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Posted By kingfisher,
Jul 6, 2009 at 12:20 AM
Whats the best way to stack wood for drying?
It depends on your goal. Mine is to expend as little effort as possible and still have dry wood. I split into a pile 20x20x9 or so directly adjacent to my shed. Then, in October, push it into the shed with the loader on the tractor and stack it. I live on a ridge high and dry, full sun and high winds. Everyone's situation is different.
Single rows up off the ground spaced to allow air flow. If you want to use pallets, you can stack two rows on them and still get decent drying. Before I had the woodshed, I used to stack three rows together but then I burn Ash which dries really fast.
I often just heap the wood into a large loose pile and leave it uncovered all Summer, moving it into the shed where I pack it in with no spaces for air flow. I'd separate the wood putting the driest on one side for this year's burning, and the wetter stuff from the centre of the heap on the other for future years.
This year I'm trying a different approach. I probably had enough from last year to last most of this Winter. Half of it was put in the shed last year and the other half sat out in a loose pile which I will move to the shed later this Summer. Some of the wood I bucked and split earlier this year (4 cord) is stacked in two rows on pallets for faster drying to top up what I have left over from last year. I have another two rows on pallets and a heap hausen adjacent to it some of which I will also move into the shed. What doesn't fit will stay outside.
I am redesigning my shed so that I can put my heap hausen into three groups (2 rows, air space, 3 rows, air space, 2 rows) totaling 7 cord. I will then in-fill between them late in the Fall from my outdoor stacks.
The key is to let the air/wind get to it and sun, but keep rain and snow of of it. I do like they have said, cut and split, keep it in [piles most of summer. Then stack it off ground in rows. I used to use old boards to keep it off ground and fence posts for row ends. Then put blue tarps on top of the rows.
NOw I build wood racks. Mini wood sheds that hold a cord a piece, are up on blocks and have a metal pole barn type roof. THe wood gets air, the roof keeps rain and snow off. Having several of these also helps me rotate wood. They do not hold as much as a big woodshed. But are affordable, fit in small areas and can be moved when empty, with a tractor, if needed. Just keep the rain and snow off in the fall and winter.
Here are a couple pictures of how I stack mine. Rows are 24' long with 36" between the rows. These are stacked in full sun, and stacked n/s for a west wind. I also have some stacked on pallets with 2 rows on each pallet leaving a 10" or so gap between rows for air flow.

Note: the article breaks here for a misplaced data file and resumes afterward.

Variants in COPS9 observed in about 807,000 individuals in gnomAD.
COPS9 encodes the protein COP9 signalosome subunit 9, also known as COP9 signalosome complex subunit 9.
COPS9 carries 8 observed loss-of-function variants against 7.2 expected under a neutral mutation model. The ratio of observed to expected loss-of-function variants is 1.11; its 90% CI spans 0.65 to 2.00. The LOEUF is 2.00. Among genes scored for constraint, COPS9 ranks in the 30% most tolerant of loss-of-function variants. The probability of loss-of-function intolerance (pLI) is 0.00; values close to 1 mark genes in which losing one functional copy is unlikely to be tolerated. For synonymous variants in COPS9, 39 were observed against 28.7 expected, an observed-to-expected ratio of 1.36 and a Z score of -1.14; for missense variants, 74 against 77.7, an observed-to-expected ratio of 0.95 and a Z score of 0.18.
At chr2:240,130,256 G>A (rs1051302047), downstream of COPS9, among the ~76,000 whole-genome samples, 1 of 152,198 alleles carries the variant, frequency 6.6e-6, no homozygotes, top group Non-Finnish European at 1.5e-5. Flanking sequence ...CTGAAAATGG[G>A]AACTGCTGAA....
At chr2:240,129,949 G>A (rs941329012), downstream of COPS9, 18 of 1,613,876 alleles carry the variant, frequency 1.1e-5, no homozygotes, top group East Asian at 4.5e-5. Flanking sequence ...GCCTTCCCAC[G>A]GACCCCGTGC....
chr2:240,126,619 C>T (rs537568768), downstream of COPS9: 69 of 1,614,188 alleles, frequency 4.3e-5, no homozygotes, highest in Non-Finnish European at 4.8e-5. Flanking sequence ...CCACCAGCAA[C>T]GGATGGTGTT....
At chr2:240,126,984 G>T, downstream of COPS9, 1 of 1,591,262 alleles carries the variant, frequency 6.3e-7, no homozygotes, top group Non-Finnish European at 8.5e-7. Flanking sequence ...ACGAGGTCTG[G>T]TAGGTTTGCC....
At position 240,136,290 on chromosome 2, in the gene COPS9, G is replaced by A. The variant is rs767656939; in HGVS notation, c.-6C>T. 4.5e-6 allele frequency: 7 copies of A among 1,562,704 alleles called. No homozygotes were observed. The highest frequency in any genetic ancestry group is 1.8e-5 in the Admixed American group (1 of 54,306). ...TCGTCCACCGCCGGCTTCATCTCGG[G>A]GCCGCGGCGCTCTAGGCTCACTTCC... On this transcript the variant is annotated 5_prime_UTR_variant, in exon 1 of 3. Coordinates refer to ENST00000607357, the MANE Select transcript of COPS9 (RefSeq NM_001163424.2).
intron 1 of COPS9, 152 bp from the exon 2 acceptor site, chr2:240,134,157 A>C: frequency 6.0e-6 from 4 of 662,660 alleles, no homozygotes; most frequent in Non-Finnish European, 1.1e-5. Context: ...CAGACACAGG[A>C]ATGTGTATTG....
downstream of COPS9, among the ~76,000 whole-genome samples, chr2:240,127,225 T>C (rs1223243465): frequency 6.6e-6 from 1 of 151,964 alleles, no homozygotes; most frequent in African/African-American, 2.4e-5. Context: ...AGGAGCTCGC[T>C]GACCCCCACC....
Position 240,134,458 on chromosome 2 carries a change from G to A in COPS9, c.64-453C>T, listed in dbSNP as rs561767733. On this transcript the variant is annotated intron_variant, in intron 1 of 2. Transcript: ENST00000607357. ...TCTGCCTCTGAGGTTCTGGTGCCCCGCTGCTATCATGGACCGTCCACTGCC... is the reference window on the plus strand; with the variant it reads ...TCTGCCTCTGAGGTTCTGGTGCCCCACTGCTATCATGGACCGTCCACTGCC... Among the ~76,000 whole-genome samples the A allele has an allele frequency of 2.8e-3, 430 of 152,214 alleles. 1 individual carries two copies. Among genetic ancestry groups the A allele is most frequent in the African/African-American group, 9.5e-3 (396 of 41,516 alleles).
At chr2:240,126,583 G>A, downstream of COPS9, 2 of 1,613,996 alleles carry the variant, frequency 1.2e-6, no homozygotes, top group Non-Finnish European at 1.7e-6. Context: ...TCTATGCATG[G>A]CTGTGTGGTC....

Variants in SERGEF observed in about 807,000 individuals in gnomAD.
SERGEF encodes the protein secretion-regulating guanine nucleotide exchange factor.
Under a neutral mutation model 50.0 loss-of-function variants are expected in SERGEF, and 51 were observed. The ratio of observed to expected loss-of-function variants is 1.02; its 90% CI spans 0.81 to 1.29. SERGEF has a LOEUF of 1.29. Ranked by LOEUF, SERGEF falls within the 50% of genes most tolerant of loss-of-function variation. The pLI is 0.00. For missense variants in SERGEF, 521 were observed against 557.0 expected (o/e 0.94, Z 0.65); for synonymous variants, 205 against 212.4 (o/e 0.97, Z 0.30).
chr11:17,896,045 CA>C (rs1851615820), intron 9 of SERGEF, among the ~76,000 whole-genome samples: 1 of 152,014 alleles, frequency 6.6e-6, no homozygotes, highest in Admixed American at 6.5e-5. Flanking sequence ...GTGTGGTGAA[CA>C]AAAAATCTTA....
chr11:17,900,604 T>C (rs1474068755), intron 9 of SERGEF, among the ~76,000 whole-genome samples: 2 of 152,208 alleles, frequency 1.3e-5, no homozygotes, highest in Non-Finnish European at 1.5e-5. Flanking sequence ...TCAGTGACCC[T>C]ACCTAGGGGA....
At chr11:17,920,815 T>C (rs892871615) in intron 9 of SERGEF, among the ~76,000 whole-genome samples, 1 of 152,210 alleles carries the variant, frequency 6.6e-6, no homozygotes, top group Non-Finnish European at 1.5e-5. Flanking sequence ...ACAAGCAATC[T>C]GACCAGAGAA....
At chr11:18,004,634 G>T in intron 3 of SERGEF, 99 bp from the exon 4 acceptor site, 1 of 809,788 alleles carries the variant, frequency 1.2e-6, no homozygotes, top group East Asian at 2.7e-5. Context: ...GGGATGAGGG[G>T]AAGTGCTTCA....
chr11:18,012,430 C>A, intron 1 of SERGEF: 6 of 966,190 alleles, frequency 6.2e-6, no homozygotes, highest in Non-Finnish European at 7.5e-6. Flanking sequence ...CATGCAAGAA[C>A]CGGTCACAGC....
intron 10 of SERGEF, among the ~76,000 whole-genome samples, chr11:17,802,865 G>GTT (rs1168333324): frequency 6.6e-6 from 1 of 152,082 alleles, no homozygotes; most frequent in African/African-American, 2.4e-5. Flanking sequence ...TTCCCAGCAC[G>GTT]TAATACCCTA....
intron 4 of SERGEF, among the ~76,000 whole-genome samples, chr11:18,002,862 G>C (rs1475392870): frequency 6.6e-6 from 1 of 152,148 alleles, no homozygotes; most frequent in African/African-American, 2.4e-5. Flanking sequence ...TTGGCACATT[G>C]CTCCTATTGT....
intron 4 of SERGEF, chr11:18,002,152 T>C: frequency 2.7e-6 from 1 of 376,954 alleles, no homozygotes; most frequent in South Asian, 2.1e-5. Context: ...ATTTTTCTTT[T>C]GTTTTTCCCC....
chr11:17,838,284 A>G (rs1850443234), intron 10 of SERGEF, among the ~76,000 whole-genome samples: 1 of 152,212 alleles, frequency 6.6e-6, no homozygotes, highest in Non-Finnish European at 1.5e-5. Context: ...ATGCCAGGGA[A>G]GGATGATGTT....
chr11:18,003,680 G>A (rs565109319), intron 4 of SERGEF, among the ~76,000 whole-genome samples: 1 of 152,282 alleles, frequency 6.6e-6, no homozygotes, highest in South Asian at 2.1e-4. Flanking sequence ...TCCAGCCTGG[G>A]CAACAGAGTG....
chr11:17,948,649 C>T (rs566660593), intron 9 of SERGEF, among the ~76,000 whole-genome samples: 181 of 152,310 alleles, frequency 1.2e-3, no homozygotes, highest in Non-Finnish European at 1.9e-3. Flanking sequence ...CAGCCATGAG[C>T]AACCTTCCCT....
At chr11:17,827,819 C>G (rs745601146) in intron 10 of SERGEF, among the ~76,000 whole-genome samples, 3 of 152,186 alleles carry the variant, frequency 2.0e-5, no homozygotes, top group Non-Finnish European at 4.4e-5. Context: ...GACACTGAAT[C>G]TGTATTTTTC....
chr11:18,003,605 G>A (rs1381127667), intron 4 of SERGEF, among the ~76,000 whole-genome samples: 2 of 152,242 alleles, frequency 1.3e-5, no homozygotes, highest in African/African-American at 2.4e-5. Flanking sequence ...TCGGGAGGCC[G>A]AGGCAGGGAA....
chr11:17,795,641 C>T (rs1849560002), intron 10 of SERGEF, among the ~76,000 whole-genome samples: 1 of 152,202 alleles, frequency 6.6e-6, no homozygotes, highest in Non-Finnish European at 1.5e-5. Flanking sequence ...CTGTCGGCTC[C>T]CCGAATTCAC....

That depends upon what type of wood you have and if it is split or not. It also depends upon when you plan on using that wood.
All wood does not season at the same rate. If you cut red oak, split it, stack it and forget it for 2 years before trying to burn it. If you cut ash, split, stack and burn just a few months later.
No matter what type of wood you have, it needs splitting. If you have a good sized firebox then you can leave some splits rather large for holding fires longer. A smaller firebox says split everything small.
Also, if you need the wood to season the fastest, split it small. The smaller the split the quicker the seasoning.
I am also a believer in not covering the wood pile that first summer. We do not cover until late fall or early winter; before snowfall. Here is what we cut last winter:
Bear in mind that this wood will not be burned for another six or seven years. It is 99% ash though so if it were needed, we could burn it easily by December.
Notice the stack is uncovered. It is still sitting there the same way as when the picture was taken.
Don't you worry about the wood rotting or being significantly consumed by pests in such a long amount of time? Seven years seems like an awfully long time. I think the ants would take 50% of my wood by the time the sixth year rolled around.....
No, we do not worry about the wood rotting nor do we worry about pests in the wood. Once the wood is dry, insects, especially ants, are not interested in it.
The best part of letting wood sit that long is how it burns. You get maximum heat from it because there is very little moisture to evaporate (that's what causes the smoke right after putting wood in the stove). So not only do you get maximum heat, but you use less wood and the real benefit is lack of creosote. We put up a new chimney two years ago and haven't cleaned it yet! I credit both the wood and the Woodstock stove for that.
btw, most of our older wood pile is covered with old metal roofing. There is a small part that is covered with tarp but I prefer to stay away from the tarp if possible.
Last Winter I burned some oak from 1999! (end of the Y2K stash)
Best stuff by a long shot...... ;-)
Dennis knows what he is talking about!
i gotta tell ya i got a lot of respect for you guys more than 2 yrs ahead. it takes alot of work to get that far ahead i feel like i have worked my a$$ off this year and maybe 1 year ahead?? we'll have to see - never stop scrounging
f3cbboy, that wood you see stacked in the picture is 9 cords. I cut, split and stacked that all alone with one little exception. My wife did help me for a couple hours one day while I was cutting one tree up. And that 9 cord is a 3 year supply. I fully expect to cut that much more this coming winter. Naturally it does help that the wood is all on our place but I still have to haul it a good distance so it does take a lot of time. But I love doing that in the winter months....until it gets down around zero or so. That is break time.